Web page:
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field, already across at the mouth of Soap Creek, was ordered to march by Cross Keys, and McPherson was to direct his course from Roswell straight against the Augusta road at some point east of Decatur, near Stone Mountain. Garrard's Cavalry acted with McPherson, and Stoneman and McCook watched the river and roads below the railroad. On the 17th, the whole army advanced from their camps, and formed a general line along the Old Peach-tree road. McPherson reached the Augusta Railroad on the 18th. On Tuesday, July 19th, a reconnoissance was pushed forward as far as Peach-tree Creek, an insignificant stream rising five or six miles northwest of Atlanta, and flowing southwesterly to the Chattahoochee, near the railroad bridge northwest of Atlanta. Behind this stream the rebels lay sheltered and awaiting our approach. They sought by stratagem to take General Sherman at a disadvantage. But a show of opposition was made to the passage of Peach-tree Creek, and our whole army were soon across and in line of battle, the Fourteenth Corps, Palmer's, and the Twentieth, Hooker's, on the right; Newton's Division of the Fourth Corps, Howard's, on the right centre; the Twenty-third, Schofield's, on the centre; the Sixteenth, Dodge's, on the left centre; and in reserve, the Fifteenth, Logan's, and the Seventeenth, Blair's, on the right. Our right was carried by Garrard's Cavalry Division.

On the 20th, all the armies had closed in, converging towards Atlanta; but as a gap existed between Schofield and Thomas, two divisions of Howard's Corps of Thomas's Army were moved to the left to connect with Schofield, leaving Newton's Division of the same corps on the Buckhead road. Meantime, the main body of the enemy lay concealed in the woods in front, prepared to assail our columns while changing position and unprepared. They hoped by massing against our weakened centre to break through there, dividing our army in twain, and leaving both wings open to attack. It was a well-laid scheme, and one that seems to have failed as much from fortuitous circumstances as from preparation on our part. At four o'clock, their columns emerged from the concealment of the woods, advancing without skirmishers against our lines.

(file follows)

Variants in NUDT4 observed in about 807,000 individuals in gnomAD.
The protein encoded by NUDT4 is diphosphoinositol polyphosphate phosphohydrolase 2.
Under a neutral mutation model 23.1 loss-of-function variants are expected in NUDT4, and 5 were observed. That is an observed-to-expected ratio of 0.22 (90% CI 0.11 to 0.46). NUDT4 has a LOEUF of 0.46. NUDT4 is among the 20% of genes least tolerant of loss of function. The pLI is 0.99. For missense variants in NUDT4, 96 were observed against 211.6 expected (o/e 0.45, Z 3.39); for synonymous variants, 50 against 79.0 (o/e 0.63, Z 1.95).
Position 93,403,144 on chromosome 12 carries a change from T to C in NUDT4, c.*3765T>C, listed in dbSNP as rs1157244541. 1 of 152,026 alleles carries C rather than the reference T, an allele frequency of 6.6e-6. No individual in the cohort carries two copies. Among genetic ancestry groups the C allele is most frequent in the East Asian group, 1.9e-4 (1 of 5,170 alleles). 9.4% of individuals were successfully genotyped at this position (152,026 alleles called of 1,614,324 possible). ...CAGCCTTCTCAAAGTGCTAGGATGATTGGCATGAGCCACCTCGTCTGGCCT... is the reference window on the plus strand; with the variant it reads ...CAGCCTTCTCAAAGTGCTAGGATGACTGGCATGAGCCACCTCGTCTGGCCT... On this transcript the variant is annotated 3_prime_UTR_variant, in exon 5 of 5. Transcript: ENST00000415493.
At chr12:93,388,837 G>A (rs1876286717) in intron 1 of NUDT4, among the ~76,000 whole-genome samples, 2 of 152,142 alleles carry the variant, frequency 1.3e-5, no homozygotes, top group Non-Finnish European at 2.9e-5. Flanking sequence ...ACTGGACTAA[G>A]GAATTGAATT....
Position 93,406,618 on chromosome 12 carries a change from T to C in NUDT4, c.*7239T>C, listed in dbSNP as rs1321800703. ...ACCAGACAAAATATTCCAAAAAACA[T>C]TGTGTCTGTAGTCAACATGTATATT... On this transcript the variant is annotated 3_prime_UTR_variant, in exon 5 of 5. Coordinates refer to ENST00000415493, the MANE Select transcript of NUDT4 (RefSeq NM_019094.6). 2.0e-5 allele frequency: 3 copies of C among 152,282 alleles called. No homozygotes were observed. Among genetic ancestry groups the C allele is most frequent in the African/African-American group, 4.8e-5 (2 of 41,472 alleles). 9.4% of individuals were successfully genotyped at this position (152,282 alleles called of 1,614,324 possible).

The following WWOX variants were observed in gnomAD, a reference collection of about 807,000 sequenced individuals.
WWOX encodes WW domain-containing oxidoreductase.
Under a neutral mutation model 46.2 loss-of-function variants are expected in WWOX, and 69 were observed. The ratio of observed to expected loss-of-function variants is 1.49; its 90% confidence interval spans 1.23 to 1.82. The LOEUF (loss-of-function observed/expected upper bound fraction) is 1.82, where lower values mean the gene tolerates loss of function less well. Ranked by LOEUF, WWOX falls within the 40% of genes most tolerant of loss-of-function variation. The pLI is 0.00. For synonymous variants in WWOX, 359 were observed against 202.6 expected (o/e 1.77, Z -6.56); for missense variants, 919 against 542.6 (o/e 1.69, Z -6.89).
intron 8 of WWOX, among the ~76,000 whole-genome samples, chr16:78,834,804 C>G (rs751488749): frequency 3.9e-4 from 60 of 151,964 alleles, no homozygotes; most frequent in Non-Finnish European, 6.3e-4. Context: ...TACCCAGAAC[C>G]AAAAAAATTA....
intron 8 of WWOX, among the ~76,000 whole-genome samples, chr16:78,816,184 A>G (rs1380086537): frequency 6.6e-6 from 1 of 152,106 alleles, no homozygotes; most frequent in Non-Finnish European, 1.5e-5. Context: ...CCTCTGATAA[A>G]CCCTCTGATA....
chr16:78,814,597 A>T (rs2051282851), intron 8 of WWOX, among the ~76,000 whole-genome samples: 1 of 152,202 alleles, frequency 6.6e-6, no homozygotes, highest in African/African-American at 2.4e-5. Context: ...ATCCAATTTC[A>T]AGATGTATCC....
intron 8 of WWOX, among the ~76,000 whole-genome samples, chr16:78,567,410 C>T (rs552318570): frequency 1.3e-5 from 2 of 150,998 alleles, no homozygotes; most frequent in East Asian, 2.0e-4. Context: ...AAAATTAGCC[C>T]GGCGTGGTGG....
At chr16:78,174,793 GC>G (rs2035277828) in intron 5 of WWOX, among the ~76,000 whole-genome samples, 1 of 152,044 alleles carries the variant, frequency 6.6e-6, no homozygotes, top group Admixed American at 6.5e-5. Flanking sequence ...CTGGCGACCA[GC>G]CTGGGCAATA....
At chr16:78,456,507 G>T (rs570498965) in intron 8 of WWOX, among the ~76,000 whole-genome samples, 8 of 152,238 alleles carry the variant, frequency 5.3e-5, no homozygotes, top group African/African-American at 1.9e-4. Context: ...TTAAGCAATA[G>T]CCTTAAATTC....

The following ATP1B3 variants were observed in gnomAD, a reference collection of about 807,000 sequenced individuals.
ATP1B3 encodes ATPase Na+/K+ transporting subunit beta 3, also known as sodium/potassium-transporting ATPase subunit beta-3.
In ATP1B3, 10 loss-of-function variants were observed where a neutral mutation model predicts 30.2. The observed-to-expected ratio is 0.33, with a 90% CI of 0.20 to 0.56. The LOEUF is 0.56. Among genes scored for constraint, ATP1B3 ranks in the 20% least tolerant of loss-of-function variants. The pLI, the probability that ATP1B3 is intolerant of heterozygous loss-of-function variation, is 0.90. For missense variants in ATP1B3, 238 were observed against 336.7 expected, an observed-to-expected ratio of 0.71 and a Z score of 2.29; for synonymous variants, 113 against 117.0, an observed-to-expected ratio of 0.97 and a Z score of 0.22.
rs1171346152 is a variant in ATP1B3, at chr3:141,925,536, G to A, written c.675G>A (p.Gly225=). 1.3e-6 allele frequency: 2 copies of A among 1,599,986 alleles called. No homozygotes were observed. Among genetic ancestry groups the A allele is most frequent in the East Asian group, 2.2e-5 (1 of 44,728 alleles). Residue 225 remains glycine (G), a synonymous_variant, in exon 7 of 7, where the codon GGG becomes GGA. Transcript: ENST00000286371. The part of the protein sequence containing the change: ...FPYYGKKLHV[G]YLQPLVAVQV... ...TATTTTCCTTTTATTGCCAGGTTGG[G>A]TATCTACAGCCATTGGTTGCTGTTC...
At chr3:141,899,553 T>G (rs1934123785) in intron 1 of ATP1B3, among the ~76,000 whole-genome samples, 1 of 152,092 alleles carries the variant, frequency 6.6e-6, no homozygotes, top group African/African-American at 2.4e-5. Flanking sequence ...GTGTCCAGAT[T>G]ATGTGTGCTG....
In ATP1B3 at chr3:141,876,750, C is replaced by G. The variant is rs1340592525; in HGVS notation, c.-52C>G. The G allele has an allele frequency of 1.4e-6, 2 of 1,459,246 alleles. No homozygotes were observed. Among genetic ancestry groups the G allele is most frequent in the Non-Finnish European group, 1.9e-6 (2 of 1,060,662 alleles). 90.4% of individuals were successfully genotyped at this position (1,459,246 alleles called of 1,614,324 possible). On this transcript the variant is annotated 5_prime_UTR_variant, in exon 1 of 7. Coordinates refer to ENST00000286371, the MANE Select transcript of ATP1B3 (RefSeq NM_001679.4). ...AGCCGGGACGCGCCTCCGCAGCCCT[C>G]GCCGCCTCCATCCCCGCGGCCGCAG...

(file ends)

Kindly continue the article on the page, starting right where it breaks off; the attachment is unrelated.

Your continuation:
The attack took Newton by surprise, but, being behind a line of hastily-erected rail-piles, his men were almost instantly rallied, and held the enemy in check, with the assistance of twelve guns which they were fortunately able to get into position on the left, where the rebels were pressing to cut off their retreat. Four guns were also now in position on Newton's right, where they rendered important service. Almost at the instant of the attack on Newton, the advance division of Hooker, under Geary, was struck by the advancing columns of the enemy and hurled back in confusion. But they, too, ultimately rallied and recovered their former position, closing up the gap through which the enemy had entered. On Newton's right, Ward was advancing with his division, when the enemy were discovered charging upon him. With promptitude the order was given to meet the charge with counter-charge, the two columns mingling in battle, and the enemy being finally driven back. Farther to the right, next to Geary, Williams's Division was engaged, and suffered more or less. By nine o'clock in